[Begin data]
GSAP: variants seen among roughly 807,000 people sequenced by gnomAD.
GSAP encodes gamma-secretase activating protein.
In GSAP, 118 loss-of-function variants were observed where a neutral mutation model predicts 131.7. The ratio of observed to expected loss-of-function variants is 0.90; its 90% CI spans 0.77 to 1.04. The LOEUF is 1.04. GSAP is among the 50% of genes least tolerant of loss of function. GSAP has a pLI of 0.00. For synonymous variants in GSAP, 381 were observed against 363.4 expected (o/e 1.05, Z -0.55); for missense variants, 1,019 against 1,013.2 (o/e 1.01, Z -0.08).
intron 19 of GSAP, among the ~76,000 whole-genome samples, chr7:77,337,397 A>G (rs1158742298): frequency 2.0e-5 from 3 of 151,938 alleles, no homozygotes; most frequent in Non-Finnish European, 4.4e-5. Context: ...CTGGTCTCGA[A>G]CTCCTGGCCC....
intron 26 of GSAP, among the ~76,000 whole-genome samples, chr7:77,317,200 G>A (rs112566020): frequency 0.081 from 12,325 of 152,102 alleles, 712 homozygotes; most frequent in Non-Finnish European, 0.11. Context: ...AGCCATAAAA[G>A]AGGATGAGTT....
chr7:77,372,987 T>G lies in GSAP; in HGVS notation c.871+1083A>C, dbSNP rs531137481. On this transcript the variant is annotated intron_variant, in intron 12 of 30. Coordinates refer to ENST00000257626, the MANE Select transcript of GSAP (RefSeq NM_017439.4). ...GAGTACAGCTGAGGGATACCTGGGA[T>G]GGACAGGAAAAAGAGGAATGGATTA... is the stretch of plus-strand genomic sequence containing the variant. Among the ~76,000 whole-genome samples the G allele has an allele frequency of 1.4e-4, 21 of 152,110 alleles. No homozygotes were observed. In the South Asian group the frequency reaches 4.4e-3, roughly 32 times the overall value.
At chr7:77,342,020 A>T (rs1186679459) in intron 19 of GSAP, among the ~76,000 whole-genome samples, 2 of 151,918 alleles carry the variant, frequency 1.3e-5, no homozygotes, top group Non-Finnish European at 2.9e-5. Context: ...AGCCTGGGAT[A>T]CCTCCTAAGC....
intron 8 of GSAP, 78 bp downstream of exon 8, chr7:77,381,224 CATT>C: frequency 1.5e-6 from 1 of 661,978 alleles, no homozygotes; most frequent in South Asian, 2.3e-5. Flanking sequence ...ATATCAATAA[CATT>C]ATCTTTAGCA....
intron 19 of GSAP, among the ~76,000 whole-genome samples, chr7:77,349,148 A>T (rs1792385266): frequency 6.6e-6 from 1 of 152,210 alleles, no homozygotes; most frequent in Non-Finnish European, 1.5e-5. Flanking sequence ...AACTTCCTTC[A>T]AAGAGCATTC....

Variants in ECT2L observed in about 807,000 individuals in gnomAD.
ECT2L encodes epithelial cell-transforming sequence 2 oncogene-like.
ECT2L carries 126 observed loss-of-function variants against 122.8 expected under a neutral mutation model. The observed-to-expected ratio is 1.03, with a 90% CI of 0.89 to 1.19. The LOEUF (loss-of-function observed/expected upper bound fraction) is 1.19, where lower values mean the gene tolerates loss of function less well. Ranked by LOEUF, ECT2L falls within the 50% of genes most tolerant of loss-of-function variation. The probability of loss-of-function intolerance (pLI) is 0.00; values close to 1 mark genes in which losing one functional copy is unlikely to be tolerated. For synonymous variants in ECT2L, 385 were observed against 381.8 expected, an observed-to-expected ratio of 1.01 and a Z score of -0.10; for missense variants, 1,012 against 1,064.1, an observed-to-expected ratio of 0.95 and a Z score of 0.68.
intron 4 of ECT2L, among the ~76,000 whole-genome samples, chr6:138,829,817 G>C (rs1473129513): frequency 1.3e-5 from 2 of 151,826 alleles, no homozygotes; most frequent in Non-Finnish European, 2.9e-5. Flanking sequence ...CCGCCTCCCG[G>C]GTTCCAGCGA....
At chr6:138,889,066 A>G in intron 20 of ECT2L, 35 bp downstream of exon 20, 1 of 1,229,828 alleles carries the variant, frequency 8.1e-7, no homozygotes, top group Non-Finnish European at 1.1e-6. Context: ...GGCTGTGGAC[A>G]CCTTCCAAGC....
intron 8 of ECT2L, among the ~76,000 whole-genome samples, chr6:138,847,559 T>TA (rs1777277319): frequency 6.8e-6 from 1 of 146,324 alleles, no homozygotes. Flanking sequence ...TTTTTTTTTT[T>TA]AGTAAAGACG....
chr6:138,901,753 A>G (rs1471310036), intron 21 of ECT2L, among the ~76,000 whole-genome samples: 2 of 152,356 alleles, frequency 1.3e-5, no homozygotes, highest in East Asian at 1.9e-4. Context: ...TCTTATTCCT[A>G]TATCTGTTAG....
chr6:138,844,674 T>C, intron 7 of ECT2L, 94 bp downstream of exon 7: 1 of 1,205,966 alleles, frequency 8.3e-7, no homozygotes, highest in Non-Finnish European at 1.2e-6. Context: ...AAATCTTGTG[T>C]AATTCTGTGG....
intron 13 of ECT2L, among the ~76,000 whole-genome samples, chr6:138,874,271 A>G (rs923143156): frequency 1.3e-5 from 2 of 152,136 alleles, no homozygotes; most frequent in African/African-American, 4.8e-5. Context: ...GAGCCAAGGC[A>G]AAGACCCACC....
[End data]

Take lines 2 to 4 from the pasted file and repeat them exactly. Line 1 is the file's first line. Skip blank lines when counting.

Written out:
GSAP encodes gamma-secretase activating protein.
In GSAP, 118 loss-of-function variants were observed where a neutral mutation model predicts 131.7. The ratio of observed to expected loss-of-function variants is 0.90; its 90% CI spans 0.77 to 1.04. The LOEUF is 1.04. GSAP is among the 50% of genes least tolerant of loss of function. GSAP has a pLI of 0.00. For synonymous variants in GSAP, 381 were observed against 363.4 expected (o/e 1.05, Z -0.55); for missense variants, 1,019 against 1,013.2 (o/e 1.01, Z -0.08).
intron 19 of GSAP, among the ~76,000 whole-genome samples, chr7:77,337,397 A>G (rs1158742298): frequency 2.0e-5 from 3 of 151,938 alleles, no homozygotes; most frequent in Non-Finnish European, 4.4e-5. Context: ...CTGGTCTCGA[A>G]CTCCTGGCCC....